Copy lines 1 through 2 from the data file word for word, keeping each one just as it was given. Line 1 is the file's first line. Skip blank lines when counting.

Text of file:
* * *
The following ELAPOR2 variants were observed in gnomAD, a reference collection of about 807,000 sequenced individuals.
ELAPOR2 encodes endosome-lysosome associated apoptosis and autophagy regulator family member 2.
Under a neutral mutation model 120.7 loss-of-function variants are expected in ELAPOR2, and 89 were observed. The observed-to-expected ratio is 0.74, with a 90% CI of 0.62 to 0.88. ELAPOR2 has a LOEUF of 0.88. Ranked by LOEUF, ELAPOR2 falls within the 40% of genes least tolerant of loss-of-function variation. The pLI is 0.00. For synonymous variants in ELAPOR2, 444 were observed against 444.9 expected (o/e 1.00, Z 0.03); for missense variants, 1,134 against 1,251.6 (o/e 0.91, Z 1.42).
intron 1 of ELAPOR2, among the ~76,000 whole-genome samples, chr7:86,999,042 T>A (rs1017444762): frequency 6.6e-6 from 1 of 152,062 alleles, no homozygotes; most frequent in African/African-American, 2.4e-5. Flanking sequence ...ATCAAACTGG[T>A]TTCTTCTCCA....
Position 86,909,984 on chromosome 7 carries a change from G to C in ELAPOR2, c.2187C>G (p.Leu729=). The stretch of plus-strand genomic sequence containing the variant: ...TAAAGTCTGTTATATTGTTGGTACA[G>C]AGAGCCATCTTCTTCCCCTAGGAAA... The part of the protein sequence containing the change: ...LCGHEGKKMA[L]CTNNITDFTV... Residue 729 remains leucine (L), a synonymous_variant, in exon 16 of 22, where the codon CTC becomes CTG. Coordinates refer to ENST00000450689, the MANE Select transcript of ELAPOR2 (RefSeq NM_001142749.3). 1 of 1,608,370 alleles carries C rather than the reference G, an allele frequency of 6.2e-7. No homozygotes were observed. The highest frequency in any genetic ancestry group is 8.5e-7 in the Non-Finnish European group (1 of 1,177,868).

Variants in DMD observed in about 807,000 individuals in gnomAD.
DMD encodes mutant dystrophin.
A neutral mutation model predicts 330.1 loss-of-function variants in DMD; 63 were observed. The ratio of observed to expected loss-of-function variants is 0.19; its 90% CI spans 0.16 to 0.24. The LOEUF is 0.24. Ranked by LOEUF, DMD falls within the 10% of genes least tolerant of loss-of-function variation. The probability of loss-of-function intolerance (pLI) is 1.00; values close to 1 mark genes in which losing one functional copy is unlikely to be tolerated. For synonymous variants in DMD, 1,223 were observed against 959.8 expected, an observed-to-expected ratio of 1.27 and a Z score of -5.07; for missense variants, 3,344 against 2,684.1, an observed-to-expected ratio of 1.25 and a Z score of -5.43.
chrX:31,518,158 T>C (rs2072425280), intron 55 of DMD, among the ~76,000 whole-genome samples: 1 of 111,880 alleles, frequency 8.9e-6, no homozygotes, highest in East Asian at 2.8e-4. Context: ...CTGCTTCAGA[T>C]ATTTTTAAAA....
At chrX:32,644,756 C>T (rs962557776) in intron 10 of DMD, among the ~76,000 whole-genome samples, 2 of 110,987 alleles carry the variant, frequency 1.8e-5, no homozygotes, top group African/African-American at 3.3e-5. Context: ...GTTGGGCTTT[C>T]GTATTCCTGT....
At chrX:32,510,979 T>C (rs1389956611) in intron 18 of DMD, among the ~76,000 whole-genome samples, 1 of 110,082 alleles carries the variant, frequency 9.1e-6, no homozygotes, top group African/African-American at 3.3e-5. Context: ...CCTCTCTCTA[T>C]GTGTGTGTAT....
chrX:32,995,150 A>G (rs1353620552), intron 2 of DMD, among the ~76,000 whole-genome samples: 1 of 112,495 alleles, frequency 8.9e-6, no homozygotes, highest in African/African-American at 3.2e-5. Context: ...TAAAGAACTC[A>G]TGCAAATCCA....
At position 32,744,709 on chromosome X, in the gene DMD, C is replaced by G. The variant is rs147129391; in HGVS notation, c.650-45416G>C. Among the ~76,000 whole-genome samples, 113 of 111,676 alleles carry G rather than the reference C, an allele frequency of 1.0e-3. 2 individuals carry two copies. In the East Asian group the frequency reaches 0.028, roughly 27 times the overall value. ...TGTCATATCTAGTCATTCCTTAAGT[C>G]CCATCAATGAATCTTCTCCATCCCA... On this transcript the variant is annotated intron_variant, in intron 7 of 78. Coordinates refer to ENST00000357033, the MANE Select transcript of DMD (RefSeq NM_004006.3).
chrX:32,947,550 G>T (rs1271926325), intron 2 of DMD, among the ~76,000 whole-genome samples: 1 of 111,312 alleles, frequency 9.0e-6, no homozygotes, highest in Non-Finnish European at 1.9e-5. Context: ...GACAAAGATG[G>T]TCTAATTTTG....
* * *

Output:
The following ELAPOR2 variants were observed in gnomAD, a reference collection of about 807,000 sequenced individuals.
ELAPOR2 encodes endosome-lysosome associated apoptosis and autophagy regulator family member 2.